We have been sent some sensational photographs of a Mosquito that made it safely to the ground in what can only be described as a tattered condition.
To see these pictures and possibly answer the great mystery about what happened, see our new page: How Did this Mosquito Land?
It’s always wonderful to see the men who maintained the Pathfinder aircraft, and this is a particularly nice photograph of James Frances Henry with other ground crew in front of a Met Flight mosquito. James was with 1409 Met Flight from 31st March 1943 to 19th June 1944, working as an aero engine specialist.
His grandson, Michael Henry, who sent the photograph, writes:
My grandfather first joined the RFC [Royal Flying Corps, the precursor of the RAF] as ‘a boy’ and on his birthday became ‘a man’ (quite a surprise to me how this was recorded – at the time it was quite normal !) ….. then on 1st April 1918 he was in the RAF.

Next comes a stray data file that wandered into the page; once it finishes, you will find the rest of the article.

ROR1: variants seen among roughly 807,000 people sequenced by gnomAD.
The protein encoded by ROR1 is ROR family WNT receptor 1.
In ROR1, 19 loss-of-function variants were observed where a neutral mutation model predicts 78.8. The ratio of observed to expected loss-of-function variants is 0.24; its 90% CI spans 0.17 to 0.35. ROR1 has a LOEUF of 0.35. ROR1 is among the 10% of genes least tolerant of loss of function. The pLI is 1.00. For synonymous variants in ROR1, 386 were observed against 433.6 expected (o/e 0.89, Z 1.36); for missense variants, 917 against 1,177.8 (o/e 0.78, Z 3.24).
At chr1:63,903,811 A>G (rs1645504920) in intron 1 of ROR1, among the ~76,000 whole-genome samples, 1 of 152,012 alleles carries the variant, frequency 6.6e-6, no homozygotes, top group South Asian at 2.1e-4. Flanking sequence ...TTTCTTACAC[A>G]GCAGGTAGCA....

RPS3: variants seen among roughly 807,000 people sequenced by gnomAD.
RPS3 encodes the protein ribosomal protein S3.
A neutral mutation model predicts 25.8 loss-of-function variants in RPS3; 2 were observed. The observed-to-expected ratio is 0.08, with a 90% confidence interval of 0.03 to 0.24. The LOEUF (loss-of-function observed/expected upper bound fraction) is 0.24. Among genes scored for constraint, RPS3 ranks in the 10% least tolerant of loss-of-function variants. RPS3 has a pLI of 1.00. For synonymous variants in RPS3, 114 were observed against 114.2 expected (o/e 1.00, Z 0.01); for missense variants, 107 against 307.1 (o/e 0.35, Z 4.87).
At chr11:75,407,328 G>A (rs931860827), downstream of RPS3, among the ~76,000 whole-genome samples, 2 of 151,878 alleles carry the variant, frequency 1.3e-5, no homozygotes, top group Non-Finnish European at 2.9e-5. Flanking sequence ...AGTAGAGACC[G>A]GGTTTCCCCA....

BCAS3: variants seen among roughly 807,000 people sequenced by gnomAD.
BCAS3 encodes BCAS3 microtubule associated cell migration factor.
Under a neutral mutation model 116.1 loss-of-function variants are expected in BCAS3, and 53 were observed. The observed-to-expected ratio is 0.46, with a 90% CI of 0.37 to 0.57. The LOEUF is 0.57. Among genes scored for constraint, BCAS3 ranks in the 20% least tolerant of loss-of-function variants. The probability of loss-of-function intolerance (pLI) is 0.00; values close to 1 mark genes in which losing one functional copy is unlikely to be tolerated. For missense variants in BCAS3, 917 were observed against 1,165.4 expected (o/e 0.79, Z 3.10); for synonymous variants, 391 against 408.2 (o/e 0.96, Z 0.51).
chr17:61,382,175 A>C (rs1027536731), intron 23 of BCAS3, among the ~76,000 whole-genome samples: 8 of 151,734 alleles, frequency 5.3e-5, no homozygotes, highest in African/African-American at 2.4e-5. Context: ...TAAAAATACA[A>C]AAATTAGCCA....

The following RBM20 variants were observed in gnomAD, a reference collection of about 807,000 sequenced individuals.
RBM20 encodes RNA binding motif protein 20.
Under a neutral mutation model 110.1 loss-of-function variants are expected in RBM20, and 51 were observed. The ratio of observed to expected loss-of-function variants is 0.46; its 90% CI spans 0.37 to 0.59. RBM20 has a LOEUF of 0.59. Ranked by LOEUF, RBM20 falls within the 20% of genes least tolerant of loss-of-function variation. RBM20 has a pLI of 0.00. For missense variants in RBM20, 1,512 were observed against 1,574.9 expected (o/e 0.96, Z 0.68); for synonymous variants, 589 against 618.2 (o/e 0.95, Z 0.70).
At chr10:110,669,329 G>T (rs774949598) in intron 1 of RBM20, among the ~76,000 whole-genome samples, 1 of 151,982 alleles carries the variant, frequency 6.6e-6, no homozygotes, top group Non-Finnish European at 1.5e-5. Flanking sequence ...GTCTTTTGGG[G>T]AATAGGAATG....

At the end of WWI he was placed on reserve and called up on 25th Aug 1939 at the outset of WWII.
The Henry family would be delighted if anyone knew more about their grandfather’s war service, or who the other men are in the photograph. Please let us know if you have any information you can share.
See also: How Did This Mosquito Land?
1409 Met Flight’s primary duty was to ascertain the weather conditions over the targets before a bombing operation. They also checked weather conditions over the British Isles, which were critical to the safe take-off and landing of operational aircraft. This might seem like a dull routine job, but it was anything but. The dangers which the crews faced were extreme,
The new page on 1409 Met Flight gives a brief outline of its work.
It also includes details of the Maurice Briggs and Baker crew, together with links to some of the extensive research which has been carried out about them.